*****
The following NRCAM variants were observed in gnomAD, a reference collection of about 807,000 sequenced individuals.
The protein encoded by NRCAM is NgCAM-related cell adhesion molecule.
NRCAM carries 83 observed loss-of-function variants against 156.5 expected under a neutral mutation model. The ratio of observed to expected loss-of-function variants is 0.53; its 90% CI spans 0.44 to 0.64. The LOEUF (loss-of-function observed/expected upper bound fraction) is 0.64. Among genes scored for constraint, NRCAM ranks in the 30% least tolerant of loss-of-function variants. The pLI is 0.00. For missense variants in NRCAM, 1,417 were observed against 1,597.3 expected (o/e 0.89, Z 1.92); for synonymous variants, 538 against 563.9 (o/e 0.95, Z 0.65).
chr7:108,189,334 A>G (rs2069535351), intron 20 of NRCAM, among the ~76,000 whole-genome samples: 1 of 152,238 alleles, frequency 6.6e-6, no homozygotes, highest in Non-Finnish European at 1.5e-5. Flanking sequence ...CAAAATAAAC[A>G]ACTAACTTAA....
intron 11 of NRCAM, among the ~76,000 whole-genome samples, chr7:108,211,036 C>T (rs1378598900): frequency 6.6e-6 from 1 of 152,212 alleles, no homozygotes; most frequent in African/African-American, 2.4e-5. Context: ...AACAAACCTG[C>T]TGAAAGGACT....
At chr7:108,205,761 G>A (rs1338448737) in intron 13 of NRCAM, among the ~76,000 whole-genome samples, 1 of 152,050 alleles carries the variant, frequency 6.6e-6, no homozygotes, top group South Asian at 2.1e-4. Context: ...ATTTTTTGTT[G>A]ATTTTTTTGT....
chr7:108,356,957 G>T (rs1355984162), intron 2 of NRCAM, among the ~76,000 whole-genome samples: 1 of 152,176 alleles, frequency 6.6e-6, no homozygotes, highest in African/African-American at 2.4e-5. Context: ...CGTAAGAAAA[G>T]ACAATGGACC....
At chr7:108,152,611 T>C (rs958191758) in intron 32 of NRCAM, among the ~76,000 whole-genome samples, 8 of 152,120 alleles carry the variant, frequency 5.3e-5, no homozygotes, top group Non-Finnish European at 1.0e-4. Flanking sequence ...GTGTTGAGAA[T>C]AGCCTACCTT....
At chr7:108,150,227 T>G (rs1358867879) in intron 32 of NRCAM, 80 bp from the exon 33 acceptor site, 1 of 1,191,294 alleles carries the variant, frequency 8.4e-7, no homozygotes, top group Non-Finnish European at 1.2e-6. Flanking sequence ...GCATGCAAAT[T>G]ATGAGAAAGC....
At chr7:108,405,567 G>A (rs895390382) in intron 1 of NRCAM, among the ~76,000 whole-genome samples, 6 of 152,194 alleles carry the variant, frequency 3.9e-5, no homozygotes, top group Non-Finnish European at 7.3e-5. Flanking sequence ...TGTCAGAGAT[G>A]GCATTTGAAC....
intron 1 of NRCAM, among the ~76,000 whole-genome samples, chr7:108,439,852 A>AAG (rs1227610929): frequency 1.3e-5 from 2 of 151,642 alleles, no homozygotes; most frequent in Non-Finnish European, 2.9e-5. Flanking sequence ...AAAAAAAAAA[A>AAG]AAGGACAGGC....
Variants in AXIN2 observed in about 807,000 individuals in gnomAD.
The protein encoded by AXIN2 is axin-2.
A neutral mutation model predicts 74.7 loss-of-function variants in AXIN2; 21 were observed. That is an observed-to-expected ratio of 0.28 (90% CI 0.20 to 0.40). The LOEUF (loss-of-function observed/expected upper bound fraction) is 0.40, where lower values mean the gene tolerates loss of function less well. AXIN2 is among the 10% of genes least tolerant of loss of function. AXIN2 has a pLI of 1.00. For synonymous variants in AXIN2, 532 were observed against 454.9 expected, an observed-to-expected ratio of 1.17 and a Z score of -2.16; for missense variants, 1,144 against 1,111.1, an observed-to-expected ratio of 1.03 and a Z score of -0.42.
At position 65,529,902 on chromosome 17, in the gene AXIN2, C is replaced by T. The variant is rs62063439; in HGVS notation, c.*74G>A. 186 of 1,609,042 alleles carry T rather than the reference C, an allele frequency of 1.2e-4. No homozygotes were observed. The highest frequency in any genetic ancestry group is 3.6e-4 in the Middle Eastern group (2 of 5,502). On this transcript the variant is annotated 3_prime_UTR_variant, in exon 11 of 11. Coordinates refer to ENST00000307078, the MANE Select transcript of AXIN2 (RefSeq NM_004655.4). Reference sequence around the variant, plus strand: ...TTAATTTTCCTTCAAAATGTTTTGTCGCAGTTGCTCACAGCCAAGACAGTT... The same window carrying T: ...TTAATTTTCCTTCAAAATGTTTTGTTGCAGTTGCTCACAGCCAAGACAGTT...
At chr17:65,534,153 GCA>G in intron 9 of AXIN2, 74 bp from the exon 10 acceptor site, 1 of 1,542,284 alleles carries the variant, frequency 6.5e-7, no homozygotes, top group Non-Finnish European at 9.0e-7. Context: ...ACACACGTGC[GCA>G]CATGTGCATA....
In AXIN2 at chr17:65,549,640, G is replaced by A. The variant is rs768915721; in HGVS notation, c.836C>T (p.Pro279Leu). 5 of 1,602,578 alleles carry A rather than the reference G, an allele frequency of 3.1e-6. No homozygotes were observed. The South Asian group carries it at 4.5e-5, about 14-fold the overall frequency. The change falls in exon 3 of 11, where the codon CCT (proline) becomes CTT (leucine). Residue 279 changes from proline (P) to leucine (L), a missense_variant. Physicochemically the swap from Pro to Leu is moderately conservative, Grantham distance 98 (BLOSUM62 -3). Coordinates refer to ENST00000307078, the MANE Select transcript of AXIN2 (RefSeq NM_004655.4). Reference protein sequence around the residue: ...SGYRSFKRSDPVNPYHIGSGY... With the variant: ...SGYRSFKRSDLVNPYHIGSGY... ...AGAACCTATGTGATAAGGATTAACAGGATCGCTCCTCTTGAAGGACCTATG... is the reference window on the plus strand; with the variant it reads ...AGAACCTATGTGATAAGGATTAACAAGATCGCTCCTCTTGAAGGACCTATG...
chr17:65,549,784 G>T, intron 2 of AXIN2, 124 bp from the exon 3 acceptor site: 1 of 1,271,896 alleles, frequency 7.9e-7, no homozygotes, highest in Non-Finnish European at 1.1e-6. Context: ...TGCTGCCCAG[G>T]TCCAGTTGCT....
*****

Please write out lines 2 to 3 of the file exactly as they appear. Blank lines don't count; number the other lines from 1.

The protein encoded by NRCAM is NgCAM-related cell adhesion molecule.
NRCAM carries 83 observed loss-of-function variants against 156.5 expected under a neutral mutation model. The ratio of observed to expected loss-of-function variants is 0.53; its 90% CI spans 0.44 to 0.64. The LOEUF (loss-of-function observed/expected upper bound fraction) is 0.64. Among genes scored for constraint, NRCAM ranks in the 30% least tolerant of loss-of-function variants. The pLI is 0.00. For missense variants in NRCAM, 1,417 were observed against 1,597.3 expected (o/e 0.89, Z 1.92); for synonymous variants, 538 against 563.9 (o/e 0.95, Z 0.65).